On Tuesday, the Washington Post reported that the FBI was seeking agents to constitute a new "anti-obscenity" squad. "The new squad will divert eight agents, a supervisor and assorted support staff to gather evidence against 'manufacturers and purveyors' of pornography -- not the kind exploiting children, but the kind that depicts, and is marketed to, consenting adults," the Post stated. The FBI announced to prospective recruits that the mission was "one of the top priorities" of Attorney General Alberto Gonzalez, as well as FBI Director Robert Mueller.
The "objective" reporter for the Washington Post, Barton Gellman, promptly sought out FBI agents to critique the new program. "I guess this means we've won the war on terror," said one FBI agent. "We must not need any more resources for espionage." "Honestly, most of the guys would have to recuse themselves," guffawed another. "It's a running joke among us," chuckled a national security analyst.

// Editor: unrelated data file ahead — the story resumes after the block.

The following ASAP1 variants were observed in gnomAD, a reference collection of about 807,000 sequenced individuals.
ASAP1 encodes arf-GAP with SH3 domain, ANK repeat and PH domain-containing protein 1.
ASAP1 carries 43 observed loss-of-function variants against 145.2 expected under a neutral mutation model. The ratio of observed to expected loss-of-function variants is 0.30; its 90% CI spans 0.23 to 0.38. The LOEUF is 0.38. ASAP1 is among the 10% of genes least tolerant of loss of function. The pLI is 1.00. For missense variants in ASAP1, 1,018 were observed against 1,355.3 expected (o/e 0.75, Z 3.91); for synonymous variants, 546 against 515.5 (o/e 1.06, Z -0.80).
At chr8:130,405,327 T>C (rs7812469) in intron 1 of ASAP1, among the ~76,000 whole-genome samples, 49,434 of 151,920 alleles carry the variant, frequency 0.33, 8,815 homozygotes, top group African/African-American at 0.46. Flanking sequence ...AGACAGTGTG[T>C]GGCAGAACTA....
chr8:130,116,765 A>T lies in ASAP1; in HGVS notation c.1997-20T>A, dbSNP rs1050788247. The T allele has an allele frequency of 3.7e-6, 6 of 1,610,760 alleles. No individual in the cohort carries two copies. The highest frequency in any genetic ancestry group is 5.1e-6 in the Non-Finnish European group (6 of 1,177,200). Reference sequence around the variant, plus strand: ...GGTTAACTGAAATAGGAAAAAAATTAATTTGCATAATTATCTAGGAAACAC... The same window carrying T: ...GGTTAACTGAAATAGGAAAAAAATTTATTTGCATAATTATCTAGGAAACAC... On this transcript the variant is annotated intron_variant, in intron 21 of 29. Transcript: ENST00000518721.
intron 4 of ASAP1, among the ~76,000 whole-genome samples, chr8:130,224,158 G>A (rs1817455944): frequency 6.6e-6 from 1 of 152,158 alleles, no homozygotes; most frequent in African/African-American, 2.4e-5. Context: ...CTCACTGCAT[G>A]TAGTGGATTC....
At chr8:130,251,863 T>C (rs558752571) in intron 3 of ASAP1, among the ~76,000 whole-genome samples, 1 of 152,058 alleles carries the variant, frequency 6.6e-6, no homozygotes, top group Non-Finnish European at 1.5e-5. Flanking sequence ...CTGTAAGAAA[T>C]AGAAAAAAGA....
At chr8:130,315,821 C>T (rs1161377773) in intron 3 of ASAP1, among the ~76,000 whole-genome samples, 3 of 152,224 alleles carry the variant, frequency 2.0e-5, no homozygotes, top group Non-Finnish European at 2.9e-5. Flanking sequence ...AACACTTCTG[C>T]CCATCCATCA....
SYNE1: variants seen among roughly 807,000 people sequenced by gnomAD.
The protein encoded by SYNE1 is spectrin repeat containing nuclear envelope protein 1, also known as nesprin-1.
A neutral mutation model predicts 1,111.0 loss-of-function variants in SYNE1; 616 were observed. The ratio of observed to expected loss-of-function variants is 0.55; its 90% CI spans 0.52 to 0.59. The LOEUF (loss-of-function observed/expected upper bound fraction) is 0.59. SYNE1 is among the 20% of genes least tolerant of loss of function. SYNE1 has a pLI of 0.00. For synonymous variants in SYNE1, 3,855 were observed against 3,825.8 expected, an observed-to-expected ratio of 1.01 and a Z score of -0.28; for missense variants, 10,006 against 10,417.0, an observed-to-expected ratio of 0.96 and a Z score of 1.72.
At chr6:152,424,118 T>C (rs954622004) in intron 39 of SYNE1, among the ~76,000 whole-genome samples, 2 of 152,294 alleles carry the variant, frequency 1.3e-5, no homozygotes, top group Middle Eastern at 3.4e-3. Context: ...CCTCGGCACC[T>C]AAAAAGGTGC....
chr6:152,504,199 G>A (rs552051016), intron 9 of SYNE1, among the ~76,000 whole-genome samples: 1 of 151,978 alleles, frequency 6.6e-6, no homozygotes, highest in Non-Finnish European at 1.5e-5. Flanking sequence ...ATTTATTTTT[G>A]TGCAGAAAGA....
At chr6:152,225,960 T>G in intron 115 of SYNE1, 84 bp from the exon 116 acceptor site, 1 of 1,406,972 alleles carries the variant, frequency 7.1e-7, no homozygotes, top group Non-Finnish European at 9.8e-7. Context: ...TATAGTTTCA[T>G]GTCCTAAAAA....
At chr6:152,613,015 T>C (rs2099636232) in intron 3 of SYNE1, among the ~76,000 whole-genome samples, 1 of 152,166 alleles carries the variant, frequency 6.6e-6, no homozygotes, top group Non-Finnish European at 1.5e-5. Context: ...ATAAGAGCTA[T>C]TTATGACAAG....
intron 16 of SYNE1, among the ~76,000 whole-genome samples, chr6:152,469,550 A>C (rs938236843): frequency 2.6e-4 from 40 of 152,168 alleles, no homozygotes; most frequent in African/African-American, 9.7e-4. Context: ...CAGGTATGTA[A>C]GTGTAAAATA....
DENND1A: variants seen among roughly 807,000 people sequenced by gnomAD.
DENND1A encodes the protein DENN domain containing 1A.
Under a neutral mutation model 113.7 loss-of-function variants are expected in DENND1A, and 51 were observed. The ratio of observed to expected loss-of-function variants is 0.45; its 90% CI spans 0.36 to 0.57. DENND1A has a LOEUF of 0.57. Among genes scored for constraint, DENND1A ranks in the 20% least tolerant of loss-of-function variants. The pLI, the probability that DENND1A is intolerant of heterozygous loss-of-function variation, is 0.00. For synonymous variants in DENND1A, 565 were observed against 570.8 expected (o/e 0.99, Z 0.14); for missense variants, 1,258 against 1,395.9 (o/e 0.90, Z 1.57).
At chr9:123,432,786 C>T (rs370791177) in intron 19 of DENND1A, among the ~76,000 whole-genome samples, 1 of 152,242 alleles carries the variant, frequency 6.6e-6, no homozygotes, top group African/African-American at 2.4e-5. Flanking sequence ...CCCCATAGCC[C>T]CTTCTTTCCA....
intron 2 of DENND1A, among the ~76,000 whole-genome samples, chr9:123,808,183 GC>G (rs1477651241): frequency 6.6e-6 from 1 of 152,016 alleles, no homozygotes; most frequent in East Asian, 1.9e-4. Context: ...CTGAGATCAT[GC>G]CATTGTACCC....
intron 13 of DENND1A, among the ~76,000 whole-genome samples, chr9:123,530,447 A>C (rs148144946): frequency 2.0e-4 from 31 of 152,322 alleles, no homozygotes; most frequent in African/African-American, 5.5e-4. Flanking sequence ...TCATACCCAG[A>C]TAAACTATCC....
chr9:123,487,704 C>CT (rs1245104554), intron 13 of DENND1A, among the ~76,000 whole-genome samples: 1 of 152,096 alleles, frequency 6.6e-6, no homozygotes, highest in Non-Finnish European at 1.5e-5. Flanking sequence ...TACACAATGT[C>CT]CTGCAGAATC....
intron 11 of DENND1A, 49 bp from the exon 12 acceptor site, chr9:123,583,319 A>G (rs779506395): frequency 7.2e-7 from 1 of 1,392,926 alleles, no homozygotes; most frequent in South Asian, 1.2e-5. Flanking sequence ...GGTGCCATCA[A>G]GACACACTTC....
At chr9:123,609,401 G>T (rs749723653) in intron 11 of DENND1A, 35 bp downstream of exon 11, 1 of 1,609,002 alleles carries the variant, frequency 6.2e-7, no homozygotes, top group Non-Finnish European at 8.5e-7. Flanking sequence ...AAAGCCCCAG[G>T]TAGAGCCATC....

The jocularity of these agents is rather disturbing. Back in 1986, Attorney General Edwin Meese III declared that "it is still the case that the production of pornographic materials is a practice and a business that remains substantially 'underground.'" Today, FBI agents joke about even bothering to police production and distribution of pornography.
Of course, it is pure malarkey for FBI agents to complain that policing porn takes valuable resources from the war on terrorism. In the FBI context, every agent who polices public corruption or civil rights violation is an agent not working on terrorism. In a broader governmental context, the same could be said of welfare, health care and federal aid to the Katrina victims, to take some random examples. Every dollar spent by the federal government on causes other than terrorism takes a dollar away from fighting terrorism. Before we discuss cutting police power with regard to pornography, perhaps we should re-evaluate dedicating millions of federal dollars to building new bridges named after Robert Byrd.